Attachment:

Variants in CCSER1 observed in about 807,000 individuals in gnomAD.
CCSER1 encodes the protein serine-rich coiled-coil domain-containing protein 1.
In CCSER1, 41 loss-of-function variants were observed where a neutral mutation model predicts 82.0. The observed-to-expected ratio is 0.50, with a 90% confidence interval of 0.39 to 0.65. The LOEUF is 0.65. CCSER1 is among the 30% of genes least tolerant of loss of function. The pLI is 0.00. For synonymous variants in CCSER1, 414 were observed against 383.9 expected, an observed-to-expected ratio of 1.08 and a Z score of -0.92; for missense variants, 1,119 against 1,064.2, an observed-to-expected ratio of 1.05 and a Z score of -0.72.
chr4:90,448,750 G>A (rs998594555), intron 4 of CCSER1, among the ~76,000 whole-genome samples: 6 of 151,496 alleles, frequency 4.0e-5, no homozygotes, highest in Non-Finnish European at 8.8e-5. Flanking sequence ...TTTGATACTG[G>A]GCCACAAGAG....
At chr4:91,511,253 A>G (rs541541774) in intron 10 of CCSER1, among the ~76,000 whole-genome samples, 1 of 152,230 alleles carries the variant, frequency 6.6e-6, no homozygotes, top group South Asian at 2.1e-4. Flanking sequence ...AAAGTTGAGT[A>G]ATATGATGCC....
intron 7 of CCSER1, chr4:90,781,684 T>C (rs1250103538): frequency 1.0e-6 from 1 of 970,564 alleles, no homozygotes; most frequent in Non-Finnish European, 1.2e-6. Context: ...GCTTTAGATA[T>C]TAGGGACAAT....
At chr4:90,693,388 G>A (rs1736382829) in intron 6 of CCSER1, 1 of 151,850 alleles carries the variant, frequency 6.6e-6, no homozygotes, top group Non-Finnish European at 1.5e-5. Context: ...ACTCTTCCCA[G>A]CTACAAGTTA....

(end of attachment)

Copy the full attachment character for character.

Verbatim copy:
Variants in CCSER1 observed in about 807,000 individuals in gnomAD.
CCSER1 encodes the protein serine-rich coiled-coil domain-containing protein 1.
In CCSER1, 41 loss-of-function variants were observed where a neutral mutation model predicts 82.0. The observed-to-expected ratio is 0.50, with a 90% confidence interval of 0.39 to 0.65. The LOEUF is 0.65. CCSER1 is among the 30% of genes least tolerant of loss of function. The pLI is 0.00. For synonymous variants in CCSER1, 414 were observed against 383.9 expected, an observed-to-expected ratio of 1.08 and a Z score of -0.92; for missense variants, 1,119 against 1,064.2, an observed-to-expected ratio of 1.05 and a Z score of -0.72.
chr4:90,448,750 G>A (rs998594555), intron 4 of CCSER1, among the ~76,000 whole-genome samples: 6 of 151,496 alleles, frequency 4.0e-5, no homozygotes, highest in Non-Finnish European at 8.8e-5. Flanking sequence ...TTTGATACTG[G>A]GCCACAAGAG....
At chr4:91,511,253 A>G (rs541541774) in intron 10 of CCSER1, among the ~76,000 whole-genome samples, 1 of 152,230 alleles carries the variant, frequency 6.6e-6, no homozygotes, top group South Asian at 2.1e-4. Flanking sequence ...AAAGTTGAGT[A>G]ATATGATGCC....
intron 7 of CCSER1, chr4:90,781,684 T>C (rs1250103538): frequency 1.0e-6 from 1 of 970,564 alleles, no homozygotes; most frequent in Non-Finnish European, 1.2e-6. Context: ...GCTTTAGATA[T>C]TAGGGACAAT....
At chr4:90,693,388 G>A (rs1736382829) in intron 6 of CCSER1, 1 of 151,850 alleles carries the variant, frequency 6.6e-6, no homozygotes, top group Non-Finnish European at 1.5e-5. Context: ...ACTCTTCCCA[G>A]CTACAAGTTA....